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Maresa Von Stockert grew up near Lake Constance in Germany.
She used to sit for hours on its banks, listening to the waves meet the shore.
As a child – she says via email from Bethune in France where her dance theatre company has been performing – she would make weird fantasy creatures from the algae that washed ashore.
“I have always been fascinated by water,” she writes.
“I am interested in our ambiguous relationship with water: we drink it, it is part of our bodies, we fill it in billions of plastic bottles that end up polluting our rivers and seas.
“We bathe in it, we use it for recreation, and we live with the thought that future generations may drown in it if water levels keep rising.
“In short: we love it; we need it; we fear it.”
The mixed meanings will flow through Tilted Production’s first promenade piece and debut site-specific work made for the outdoors, SeaSaw.
Director von Stockert says the piece, first created for the seafront in Cromer, Norfolk, looks at the relationship between humans and water.
It plays with the images water evokes, such as childhood memories of waterside holidays and provokes thoughts on current environmental issues.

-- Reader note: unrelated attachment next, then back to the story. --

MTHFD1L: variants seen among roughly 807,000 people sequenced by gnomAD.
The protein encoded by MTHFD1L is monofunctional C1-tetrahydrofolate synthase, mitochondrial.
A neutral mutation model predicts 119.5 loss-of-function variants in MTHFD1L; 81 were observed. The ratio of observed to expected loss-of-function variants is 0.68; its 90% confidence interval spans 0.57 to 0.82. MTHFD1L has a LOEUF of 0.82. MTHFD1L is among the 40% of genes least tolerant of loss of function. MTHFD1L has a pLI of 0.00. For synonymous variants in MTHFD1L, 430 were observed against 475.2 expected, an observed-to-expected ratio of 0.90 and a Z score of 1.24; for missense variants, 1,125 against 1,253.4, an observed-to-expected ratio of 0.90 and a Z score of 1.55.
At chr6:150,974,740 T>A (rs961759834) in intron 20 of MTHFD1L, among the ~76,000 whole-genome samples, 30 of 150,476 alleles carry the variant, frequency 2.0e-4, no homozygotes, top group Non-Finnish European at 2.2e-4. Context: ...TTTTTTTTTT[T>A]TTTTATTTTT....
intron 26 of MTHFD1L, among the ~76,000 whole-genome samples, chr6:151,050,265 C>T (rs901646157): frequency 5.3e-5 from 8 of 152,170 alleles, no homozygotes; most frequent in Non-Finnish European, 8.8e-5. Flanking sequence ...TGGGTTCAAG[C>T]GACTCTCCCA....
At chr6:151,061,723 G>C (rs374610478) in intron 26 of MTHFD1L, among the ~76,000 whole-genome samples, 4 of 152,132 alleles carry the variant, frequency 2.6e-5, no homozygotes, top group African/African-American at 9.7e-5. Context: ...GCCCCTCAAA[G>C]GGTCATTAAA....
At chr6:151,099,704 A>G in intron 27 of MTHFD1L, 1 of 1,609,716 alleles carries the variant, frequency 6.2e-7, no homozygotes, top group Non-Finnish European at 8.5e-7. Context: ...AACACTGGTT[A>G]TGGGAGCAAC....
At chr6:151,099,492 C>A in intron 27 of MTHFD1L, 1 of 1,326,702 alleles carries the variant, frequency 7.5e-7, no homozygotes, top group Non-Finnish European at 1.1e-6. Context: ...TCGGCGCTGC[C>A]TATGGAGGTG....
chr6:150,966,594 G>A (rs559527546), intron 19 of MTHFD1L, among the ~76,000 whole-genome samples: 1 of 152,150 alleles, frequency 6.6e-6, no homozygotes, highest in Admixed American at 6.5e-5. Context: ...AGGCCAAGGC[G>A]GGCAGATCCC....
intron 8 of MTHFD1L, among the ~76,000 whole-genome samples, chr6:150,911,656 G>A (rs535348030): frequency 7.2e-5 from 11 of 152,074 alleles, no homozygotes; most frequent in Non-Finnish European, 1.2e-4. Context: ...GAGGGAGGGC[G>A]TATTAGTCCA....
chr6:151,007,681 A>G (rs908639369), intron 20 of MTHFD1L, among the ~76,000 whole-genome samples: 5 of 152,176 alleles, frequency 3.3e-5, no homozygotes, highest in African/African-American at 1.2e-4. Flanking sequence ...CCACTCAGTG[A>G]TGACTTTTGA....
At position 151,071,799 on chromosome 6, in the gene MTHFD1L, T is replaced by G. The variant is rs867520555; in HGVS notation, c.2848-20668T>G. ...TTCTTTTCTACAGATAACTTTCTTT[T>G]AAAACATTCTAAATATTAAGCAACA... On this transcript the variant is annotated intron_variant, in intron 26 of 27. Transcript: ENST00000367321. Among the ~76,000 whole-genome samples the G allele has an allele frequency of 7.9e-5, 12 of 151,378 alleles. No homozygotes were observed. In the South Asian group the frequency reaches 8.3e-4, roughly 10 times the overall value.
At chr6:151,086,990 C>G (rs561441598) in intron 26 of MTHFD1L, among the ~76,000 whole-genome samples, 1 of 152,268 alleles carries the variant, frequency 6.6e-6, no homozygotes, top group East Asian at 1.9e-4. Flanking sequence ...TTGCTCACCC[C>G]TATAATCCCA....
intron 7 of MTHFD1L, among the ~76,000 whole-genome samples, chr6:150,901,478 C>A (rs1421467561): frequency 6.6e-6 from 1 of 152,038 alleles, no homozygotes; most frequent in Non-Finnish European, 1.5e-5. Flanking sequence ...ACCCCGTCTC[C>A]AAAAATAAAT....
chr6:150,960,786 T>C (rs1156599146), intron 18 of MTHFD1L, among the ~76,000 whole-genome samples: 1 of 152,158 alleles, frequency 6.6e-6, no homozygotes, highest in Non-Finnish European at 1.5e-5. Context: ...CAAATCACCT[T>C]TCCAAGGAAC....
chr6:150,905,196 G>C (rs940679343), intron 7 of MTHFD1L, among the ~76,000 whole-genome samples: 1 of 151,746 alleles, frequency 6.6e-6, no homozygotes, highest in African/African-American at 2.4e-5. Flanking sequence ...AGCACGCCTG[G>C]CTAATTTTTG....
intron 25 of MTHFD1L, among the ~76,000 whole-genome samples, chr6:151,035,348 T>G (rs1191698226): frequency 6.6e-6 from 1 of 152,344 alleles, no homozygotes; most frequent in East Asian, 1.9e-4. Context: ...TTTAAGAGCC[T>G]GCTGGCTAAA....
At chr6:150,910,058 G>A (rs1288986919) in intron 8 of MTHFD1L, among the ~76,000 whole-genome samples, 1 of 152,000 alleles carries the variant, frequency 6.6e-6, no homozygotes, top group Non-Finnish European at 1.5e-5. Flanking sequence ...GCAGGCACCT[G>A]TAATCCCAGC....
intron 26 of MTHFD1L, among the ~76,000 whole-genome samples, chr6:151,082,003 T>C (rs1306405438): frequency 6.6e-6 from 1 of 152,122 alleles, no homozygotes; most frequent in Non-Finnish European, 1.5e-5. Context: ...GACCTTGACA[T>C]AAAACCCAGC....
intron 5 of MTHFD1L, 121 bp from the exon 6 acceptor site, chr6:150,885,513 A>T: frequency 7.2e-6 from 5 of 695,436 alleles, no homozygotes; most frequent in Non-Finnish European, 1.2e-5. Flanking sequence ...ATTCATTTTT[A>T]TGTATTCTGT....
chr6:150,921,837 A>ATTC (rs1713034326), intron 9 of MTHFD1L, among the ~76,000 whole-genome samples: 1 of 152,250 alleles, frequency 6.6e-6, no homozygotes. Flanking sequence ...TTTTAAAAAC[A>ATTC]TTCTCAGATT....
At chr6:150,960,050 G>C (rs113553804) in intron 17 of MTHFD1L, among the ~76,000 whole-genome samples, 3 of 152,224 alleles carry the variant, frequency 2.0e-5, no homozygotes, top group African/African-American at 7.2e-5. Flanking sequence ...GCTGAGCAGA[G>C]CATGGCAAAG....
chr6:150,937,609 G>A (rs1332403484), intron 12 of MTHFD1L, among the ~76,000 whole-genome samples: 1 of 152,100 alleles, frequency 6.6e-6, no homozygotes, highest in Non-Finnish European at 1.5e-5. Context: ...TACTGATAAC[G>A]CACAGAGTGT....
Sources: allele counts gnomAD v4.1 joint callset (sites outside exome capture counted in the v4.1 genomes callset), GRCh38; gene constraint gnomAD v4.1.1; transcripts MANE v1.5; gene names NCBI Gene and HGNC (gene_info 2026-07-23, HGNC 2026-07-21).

A new version for Brighton invites the audience to walk along the seafront to encounter vignettes of contemporary dance, performance art and physical theatre.
“I have walked up and down Brighton seafront many a time to figure out the best location and route for the piece.
“Brighton seafront next to the Marina is a brilliant mixture of rough wasteland and beautiful pebble beach.
“I am looking forward to ‘moulding’ SeaSaw to this special location.”
Tilted’s previous productions – Masquerade, Trapped, Glacier, Beyond The Seven Seas – featured incredible dances with performers using props.
In Masquerade someone emerges from a giant head.
In Glacier, dancers slide about in oil like struggling birds.
The seven performers in SeaSaw use deckchairs, ice-floes and a mini aquarium with a dancer trapped inside.
“We see her movements through the water and glass as her body moulds itself to the aquarium.
“The water as well as the restrictive space of the aquarium walls inspired the movement material.
“I wanted to explore how the water and aquarium can distort, influence and reshape the dancer’s body. And how the dancer could make us focus on and experience the movement of the water.”
The props are symbolic as well as being integral to the dancers’ movement.
“Rather than looking at how a dancer can make an object move, I like to look at it the other way around: how the object can move the dancer.”
Dancers in duets and trios will perform to a soundtrack composed by Jeremy Cox.
Most of the music is inspired by or linked to the water theme.
Several tracks are written by Michel Redolfi, a French composer who makes and records sounds under water.
And fans of Nine Inch Nails and John Williams (Jaws) will recognise the composers’ work.
Seafront, Black Rock side of Brighton Marina, Sunday, May 20
Starts 11am and 3pm, free.